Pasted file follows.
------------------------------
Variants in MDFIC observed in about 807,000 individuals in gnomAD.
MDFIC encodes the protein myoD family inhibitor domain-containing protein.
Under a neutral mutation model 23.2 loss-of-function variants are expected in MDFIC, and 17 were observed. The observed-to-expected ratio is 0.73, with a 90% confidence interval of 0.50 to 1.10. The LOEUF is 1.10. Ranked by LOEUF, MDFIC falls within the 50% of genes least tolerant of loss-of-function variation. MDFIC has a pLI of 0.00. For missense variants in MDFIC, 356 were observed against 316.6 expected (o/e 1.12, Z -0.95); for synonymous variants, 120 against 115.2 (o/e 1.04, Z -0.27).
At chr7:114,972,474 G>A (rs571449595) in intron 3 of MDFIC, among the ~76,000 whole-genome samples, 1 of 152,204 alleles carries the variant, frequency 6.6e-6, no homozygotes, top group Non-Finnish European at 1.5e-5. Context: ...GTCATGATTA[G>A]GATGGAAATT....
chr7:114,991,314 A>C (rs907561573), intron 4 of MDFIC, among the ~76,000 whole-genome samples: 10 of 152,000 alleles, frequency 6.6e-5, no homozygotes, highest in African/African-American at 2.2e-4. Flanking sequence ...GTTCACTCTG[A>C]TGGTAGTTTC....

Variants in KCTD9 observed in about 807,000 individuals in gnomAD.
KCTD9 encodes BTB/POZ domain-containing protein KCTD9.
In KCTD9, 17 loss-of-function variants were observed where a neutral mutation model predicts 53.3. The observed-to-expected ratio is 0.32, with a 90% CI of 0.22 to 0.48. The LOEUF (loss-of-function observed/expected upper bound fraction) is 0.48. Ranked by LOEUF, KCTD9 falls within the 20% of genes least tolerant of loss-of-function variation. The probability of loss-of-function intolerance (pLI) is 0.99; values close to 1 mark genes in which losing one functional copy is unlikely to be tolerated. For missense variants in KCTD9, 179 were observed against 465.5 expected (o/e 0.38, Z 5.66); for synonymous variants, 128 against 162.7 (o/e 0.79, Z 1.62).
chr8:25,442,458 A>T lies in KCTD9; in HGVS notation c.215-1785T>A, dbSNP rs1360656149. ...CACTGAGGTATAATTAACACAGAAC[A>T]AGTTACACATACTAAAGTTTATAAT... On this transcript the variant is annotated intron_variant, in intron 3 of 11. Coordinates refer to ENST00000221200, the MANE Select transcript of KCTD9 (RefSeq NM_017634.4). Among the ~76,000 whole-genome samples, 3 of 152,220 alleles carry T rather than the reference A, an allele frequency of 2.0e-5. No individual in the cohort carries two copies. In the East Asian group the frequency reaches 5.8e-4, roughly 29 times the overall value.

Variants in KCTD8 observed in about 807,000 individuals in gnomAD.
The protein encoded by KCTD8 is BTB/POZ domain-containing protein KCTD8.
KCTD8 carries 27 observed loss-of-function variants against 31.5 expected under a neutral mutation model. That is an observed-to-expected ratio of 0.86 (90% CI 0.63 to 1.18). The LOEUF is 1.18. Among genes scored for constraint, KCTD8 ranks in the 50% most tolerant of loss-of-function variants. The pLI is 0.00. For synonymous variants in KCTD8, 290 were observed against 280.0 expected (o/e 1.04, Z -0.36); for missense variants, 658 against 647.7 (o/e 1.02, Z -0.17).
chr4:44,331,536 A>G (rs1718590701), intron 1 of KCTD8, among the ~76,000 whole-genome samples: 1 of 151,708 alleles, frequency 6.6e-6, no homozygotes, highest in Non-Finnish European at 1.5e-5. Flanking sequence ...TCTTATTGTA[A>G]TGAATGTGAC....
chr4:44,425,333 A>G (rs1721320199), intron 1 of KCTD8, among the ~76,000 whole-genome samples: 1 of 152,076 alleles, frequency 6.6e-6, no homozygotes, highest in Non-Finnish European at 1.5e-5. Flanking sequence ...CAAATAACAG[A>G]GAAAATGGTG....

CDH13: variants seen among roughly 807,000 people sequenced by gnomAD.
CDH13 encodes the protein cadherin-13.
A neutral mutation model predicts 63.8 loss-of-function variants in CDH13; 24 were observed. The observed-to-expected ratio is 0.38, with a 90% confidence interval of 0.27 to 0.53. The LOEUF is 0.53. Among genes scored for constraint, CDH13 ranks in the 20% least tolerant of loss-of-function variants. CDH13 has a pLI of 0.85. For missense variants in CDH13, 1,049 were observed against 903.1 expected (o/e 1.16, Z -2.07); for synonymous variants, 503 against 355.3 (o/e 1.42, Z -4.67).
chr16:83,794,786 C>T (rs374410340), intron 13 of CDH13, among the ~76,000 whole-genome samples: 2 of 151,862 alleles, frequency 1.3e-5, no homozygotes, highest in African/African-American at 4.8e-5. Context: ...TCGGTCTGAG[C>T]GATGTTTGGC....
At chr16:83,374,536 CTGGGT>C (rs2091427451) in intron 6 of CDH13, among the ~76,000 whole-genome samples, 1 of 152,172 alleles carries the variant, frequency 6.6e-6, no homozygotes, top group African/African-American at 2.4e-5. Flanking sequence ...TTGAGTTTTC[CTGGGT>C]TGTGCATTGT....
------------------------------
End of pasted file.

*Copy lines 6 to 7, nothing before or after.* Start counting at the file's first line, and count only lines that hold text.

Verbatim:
Variants in KCTD9 observed in about 807,000 individuals in gnomAD.
KCTD9 encodes BTB/POZ domain-containing protein KCTD9.